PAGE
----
Car 180 Bootleg turn explained
A bootleg turn is a driving maneuver intended to reverse the direction of travel of a forward-moving automobile by 180 degrees in a minimum amount of time while staying within the width of a two-lane road. This maneuver is also known as a smuggler's turn, powerslide or simply a bootlegger.
The turn is performed by putting the vehicle quickly into a lower gear, usually the second gear, and quickly turning the wheel in the direction of the opposite lane. If performed correctly, the vehicle will enter a controlled skid, enter the opposite lane and turn completely around. In a perfect bootleg turn, the car will be at a complete stop at the end of the maneuver and ready to accelerate and depart in the opposite direction.
It is easier to initiate this on some cars by initially applying a flick of the steering wheel the wrong way, before turning it in the direction the driver wants to go. This maneuver (known in racing as a Scandinavian flick) increases the load transfer to the outer wheels.
Classic bootleg turns can be performed only on cars with a manual transmission and are most easily done on a rear wheel drive car, as the spinning back wheels aid in the turn. This is because the maneuver is essentially a controlled fishtail-like spinout. Vehicles with an automatic transmission can be modified to make a bootleg turn possible. This is most commonly done for stunt vehicles used in motion pictures, to reduce the stress on the stunt driver to change gears while turning.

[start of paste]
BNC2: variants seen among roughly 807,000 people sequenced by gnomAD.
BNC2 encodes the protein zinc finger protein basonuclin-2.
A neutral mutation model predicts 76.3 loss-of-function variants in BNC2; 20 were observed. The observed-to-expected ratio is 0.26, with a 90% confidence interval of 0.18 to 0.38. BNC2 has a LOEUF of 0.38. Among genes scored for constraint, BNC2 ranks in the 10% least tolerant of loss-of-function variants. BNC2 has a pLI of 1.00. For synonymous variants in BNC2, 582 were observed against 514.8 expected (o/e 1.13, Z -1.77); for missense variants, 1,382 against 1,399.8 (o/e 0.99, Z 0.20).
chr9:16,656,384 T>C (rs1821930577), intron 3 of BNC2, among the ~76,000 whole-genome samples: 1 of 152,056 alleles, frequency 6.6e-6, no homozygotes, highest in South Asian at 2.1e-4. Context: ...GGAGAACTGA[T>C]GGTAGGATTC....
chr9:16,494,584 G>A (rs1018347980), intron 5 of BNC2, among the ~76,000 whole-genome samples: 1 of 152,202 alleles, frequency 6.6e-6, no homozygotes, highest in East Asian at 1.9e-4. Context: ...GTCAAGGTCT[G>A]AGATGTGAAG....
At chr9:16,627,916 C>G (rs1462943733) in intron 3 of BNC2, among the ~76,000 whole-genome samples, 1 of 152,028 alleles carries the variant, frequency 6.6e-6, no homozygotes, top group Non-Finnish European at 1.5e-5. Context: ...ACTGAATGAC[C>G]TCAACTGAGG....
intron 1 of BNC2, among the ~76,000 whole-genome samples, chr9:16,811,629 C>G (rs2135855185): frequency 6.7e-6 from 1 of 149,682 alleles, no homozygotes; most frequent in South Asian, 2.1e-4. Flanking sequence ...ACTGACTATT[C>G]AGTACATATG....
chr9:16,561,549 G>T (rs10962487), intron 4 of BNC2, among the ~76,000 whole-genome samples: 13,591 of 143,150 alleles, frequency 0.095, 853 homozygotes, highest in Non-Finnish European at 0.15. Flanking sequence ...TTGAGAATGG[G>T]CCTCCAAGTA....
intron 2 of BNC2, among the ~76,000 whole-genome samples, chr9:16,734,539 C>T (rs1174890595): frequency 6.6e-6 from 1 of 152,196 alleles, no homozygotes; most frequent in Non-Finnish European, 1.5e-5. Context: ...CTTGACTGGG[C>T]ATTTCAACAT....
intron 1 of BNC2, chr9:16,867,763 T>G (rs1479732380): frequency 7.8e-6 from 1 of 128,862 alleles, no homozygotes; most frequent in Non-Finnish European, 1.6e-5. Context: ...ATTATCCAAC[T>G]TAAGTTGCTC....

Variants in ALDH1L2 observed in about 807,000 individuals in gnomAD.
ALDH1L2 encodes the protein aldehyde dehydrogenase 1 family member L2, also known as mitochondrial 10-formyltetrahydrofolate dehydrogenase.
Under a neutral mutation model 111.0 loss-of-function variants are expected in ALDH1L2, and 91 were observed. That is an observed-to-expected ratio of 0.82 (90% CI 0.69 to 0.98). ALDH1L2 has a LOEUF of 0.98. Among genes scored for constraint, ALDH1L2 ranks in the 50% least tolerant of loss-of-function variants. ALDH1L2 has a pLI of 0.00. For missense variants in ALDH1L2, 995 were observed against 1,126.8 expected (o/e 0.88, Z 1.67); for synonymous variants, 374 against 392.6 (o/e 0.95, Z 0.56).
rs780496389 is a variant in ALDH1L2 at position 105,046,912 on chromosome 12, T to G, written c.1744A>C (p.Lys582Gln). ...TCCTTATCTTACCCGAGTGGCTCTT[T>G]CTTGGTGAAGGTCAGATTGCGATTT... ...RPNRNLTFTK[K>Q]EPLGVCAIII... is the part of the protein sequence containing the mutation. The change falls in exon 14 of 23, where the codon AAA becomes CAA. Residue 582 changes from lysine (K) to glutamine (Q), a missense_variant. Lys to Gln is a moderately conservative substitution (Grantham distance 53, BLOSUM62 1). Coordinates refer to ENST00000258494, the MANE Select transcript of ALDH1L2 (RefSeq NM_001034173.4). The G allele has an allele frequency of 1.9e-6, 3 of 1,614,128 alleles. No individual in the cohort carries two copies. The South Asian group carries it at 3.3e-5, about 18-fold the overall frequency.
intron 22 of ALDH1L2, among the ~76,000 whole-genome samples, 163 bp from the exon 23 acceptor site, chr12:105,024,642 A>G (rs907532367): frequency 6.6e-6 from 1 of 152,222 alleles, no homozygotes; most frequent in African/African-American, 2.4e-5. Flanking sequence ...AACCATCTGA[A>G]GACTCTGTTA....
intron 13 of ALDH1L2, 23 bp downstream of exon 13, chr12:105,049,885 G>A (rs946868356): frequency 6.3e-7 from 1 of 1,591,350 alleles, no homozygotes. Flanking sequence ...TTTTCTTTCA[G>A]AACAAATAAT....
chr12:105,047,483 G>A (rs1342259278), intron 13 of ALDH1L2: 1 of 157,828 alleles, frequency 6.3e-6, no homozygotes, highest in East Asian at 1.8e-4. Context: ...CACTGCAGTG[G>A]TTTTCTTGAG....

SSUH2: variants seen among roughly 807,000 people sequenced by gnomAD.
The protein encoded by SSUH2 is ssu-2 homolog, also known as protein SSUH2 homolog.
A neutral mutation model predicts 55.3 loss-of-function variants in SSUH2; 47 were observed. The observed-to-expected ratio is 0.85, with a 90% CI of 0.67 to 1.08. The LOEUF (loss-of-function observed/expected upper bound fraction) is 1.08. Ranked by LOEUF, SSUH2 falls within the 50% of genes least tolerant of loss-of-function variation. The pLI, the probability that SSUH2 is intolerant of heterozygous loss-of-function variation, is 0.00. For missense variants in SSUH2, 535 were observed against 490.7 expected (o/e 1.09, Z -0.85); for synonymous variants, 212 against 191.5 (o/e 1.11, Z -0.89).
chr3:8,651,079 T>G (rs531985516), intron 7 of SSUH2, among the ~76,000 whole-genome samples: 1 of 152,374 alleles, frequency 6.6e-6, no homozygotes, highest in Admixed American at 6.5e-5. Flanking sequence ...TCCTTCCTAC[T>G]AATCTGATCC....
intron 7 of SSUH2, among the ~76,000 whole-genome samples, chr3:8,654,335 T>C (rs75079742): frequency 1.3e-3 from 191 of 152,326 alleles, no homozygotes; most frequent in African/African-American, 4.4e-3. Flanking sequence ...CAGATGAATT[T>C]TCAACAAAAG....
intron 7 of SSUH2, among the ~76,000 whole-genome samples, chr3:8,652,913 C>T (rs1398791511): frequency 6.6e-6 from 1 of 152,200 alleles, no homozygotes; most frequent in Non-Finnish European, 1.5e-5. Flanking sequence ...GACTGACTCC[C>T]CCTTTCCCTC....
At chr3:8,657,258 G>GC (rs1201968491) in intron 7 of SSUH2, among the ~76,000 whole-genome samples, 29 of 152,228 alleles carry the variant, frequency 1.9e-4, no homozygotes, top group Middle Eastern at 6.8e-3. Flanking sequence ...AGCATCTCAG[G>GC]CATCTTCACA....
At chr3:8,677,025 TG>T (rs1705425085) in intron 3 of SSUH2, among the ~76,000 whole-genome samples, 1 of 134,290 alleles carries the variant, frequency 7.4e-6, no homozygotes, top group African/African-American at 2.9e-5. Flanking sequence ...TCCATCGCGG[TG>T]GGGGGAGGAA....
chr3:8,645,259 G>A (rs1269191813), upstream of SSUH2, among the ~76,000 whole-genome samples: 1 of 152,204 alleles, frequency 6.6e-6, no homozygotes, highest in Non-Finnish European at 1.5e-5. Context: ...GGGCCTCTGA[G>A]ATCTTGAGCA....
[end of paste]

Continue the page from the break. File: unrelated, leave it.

Cars with a handbrake on the rear wheels can enter a controlled turning skid by employing the handbrake, locking the wheels and turning the steering wheel sharply in either direction. This maneuver can also be called a bootleg turn, but is more precisely described as a handbrake turn. Using the handbrake to break the traction of the rear wheels is much simpler than trying to do this by power alone.
The name of the turn originates from the Prohibition era of the United States, when bootleggers transporting illegal liquor would use the maneuver to escape from police officers. Bootleggers were notorious for using modified high-speed cars to transport their goods and for using daring driving maneuvers to escape authorities. The man credited with inventing the bootlegger turn is Robert Glenn "Junior" Johnson, who ran liquor from his father's moonshine still and went on to become a highly successful NASCAR racer.
Other nations and languages have their own colloquial names for the maneuver. For instance, it is known as "Cavalo-de-pau" (wooden horse), "Baianada" (a pejorative reference to the state Bahia) in Brazil or "police turn" in Russia.
A moonshiner's turn, or J-turn, begins instead with a stationary automobile accelerating straight backward